Using social media makes you a known quantity. It means that those hiring you or reviewing you for tenure know who you are and what you believe. I believe that this helps you because it means it removes doubt, highlights your commonalities, and builds rapport. This, of course, works better if your reviewers agree (or respectfully disagree) with you, so there is some risk involved, but this risk can be managed. Using social media to publicly address professionally related topics also shows that your career is part of your life's work, not simply how you pay the bills. On the opposite side of the spectrum, if your social media portfolio is completely blank, that looks suspicion. Potential employers must be able to find you and determine that you are what they want.

Using social media contributes to the profession, which contributes to your career. I think that using social media gets feminist ideas out into society, and that helps the field of Gender and Women's Studies in general. It might attract more majors; it might change people's perspectives, etc. It seems to me that making feminist ideas accessible to the larger public is a huge service to the profession. And service to the profession goes on the CV! Additionally, using social media nurtures collaboration between junior people and senior people in the profession, which encourages learning from traditional practices and innovating new responses to current global events.... and that keeps the field growing and relevant.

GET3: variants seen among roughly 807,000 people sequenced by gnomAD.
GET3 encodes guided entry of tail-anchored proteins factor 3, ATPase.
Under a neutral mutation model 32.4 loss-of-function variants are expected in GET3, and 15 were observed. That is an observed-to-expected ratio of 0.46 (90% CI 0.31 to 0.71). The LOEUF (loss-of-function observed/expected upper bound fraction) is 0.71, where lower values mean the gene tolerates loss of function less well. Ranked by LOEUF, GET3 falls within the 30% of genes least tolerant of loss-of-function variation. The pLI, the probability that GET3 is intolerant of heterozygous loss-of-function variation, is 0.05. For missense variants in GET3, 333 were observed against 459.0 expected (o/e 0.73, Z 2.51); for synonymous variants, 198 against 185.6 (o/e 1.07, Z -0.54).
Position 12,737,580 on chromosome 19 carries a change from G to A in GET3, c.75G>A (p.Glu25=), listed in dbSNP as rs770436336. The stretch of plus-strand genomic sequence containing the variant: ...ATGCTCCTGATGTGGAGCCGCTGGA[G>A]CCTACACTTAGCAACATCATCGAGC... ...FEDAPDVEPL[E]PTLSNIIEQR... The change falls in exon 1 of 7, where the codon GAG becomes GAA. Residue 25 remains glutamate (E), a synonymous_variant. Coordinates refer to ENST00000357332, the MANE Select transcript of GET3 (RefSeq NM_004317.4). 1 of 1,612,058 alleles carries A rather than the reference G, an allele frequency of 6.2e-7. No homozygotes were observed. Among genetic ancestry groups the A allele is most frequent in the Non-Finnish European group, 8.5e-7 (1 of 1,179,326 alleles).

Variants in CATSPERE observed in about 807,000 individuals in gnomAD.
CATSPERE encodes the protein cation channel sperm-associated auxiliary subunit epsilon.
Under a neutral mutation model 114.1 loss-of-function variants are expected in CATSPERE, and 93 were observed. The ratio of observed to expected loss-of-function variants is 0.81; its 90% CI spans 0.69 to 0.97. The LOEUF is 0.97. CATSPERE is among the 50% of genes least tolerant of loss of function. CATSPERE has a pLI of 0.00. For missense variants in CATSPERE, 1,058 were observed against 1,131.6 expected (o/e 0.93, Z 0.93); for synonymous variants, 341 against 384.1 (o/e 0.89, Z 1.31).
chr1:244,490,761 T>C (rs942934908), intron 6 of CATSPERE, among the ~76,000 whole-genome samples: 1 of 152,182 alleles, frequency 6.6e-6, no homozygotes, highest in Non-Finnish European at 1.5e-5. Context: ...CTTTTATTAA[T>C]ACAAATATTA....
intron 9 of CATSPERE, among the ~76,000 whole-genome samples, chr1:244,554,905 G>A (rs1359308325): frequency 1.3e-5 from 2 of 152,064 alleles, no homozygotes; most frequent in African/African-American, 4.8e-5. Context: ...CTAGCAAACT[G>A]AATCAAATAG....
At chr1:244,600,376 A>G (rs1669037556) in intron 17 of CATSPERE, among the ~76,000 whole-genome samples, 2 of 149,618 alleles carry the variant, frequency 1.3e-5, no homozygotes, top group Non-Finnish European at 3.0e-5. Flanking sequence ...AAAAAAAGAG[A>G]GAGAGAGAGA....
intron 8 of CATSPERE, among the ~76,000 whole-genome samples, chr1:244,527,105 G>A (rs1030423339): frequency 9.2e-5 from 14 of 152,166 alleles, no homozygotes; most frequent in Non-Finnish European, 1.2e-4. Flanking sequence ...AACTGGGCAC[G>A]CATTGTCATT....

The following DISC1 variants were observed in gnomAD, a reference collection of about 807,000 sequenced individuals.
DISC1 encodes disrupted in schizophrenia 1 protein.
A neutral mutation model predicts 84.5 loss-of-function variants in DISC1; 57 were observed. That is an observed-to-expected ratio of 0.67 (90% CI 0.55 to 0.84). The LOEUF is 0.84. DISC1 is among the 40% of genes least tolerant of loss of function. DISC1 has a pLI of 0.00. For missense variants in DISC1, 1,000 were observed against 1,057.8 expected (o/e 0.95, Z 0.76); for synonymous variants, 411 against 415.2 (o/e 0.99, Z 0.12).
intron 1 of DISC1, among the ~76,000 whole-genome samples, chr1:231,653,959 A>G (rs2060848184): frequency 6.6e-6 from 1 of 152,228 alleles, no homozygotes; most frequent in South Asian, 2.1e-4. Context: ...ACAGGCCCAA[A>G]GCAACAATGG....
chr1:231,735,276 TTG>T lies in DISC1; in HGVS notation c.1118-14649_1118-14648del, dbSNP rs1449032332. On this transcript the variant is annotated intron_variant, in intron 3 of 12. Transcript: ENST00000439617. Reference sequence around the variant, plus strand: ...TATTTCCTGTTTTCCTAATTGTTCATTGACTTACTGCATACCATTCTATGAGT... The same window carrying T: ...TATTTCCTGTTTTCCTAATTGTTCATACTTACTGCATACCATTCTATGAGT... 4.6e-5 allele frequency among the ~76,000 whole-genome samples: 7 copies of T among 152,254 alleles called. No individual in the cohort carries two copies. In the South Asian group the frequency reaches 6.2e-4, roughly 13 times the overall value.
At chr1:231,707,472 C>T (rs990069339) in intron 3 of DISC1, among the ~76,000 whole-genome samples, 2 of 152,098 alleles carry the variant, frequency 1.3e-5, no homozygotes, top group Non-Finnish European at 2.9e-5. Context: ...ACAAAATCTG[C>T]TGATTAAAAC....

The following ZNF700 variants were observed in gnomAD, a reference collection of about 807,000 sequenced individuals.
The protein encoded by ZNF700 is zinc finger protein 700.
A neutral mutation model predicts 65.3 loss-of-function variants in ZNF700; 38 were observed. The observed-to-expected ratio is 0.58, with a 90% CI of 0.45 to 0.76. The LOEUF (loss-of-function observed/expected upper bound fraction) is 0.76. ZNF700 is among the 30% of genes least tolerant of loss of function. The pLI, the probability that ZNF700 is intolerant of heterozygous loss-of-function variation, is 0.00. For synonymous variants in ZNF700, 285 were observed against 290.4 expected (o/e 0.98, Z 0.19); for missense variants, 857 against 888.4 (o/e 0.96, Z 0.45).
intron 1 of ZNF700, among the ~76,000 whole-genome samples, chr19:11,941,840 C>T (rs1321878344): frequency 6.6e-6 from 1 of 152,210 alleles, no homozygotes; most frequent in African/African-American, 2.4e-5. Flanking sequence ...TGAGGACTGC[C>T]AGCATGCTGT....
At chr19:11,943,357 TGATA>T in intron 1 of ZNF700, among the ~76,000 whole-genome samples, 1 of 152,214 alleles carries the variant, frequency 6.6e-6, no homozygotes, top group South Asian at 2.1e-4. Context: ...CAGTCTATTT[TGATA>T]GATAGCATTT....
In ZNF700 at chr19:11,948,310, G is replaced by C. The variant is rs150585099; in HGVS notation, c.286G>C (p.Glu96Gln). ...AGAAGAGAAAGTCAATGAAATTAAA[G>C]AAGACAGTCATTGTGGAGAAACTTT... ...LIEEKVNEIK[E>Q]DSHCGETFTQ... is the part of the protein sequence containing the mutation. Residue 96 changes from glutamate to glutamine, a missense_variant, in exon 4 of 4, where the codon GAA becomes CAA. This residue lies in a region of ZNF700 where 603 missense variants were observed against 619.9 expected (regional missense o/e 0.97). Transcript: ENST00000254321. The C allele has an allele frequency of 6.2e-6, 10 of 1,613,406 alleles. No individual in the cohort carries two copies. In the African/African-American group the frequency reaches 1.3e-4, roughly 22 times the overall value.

*Please do keep in mind that I have neither a tenure track job nor tenure...so I guess you should take these thoughts with a grain of salt. Or, if you have perspectives on this, please comment below.